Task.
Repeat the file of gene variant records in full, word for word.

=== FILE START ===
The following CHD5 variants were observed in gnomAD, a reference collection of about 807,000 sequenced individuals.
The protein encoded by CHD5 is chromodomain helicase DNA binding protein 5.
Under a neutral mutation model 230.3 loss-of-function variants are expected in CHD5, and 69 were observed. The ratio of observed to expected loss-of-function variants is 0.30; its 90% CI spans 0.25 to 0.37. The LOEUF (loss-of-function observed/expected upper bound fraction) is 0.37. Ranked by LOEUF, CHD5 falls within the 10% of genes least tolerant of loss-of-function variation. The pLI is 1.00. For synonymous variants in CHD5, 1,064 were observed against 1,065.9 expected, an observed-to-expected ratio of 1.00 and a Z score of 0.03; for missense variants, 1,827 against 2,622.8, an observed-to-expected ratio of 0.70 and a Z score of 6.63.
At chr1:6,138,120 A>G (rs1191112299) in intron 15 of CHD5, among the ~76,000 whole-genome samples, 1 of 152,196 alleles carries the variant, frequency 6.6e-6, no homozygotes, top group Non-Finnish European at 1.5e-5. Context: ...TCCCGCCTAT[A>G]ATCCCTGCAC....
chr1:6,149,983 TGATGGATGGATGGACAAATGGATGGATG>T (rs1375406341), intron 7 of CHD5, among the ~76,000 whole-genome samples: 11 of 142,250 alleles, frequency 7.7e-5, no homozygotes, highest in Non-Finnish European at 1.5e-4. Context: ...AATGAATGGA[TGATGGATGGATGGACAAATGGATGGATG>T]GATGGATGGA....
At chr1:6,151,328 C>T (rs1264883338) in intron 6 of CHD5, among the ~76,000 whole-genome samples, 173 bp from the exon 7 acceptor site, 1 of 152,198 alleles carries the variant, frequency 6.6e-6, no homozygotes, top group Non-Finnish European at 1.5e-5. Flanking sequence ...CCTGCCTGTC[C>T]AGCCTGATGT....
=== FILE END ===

The following CHD5 variants were observed in gnomAD, a reference collection of about 807,000 sequenced individuals.
The protein encoded by CHD5 is chromodomain helicase DNA binding protein 5.
Under a neutral mutation model 230.3 loss-of-function variants are expected in CHD5, and 69 were observed. The ratio of observed to expected loss-of-function variants is 0.30; its 90% CI spans 0.25 to 0.37. The LOEUF (loss-of-function observed/expected upper bound fraction) is 0.37. Ranked by LOEUF, CHD5 falls within the 10% of genes least tolerant of loss-of-function variation. The pLI is 1.00. For synonymous variants in CHD5, 1,064 were observed against 1,065.9 expected, an observed-to-expected ratio of 1.00 and a Z score of 0.03; for missense variants, 1,827 against 2,622.8, an observed-to-expected ratio of 0.70 and a Z score of 6.63.
At chr1:6,138,120 A>G (rs1191112299) in intron 15 of CHD5, among the ~76,000 whole-genome samples, 1 of 152,196 alleles carries the variant, frequency 6.6e-6, no homozygotes, top group Non-Finnish European at 1.5e-5. Context: ...TCCCGCCTAT[A>G]ATCCCTGCAC....
chr1:6,149,983 TGATGGATGGATGGACAAATGGATGGATG>T (rs1375406341), intron 7 of CHD5, among the ~76,000 whole-genome samples: 11 of 142,250 alleles, frequency 7.7e-5, no homozygotes, highest in Non-Finnish European at 1.5e-4. Context: ...AATGAATGGA[TGATGGATGGATGGACAAATGGATGGATG>T]GATGGATGGA....
At chr1:6,151,328 C>T (rs1264883338) in intron 6 of CHD5, among the ~76,000 whole-genome samples, 173 bp from the exon 7 acceptor site, 1 of 152,198 alleles carries the variant, frequency 6.6e-6, no homozygotes, top group Non-Finnish European at 1.5e-5. Flanking sequence ...CCTGCCTGTC[C>T]AGCCTGATGT....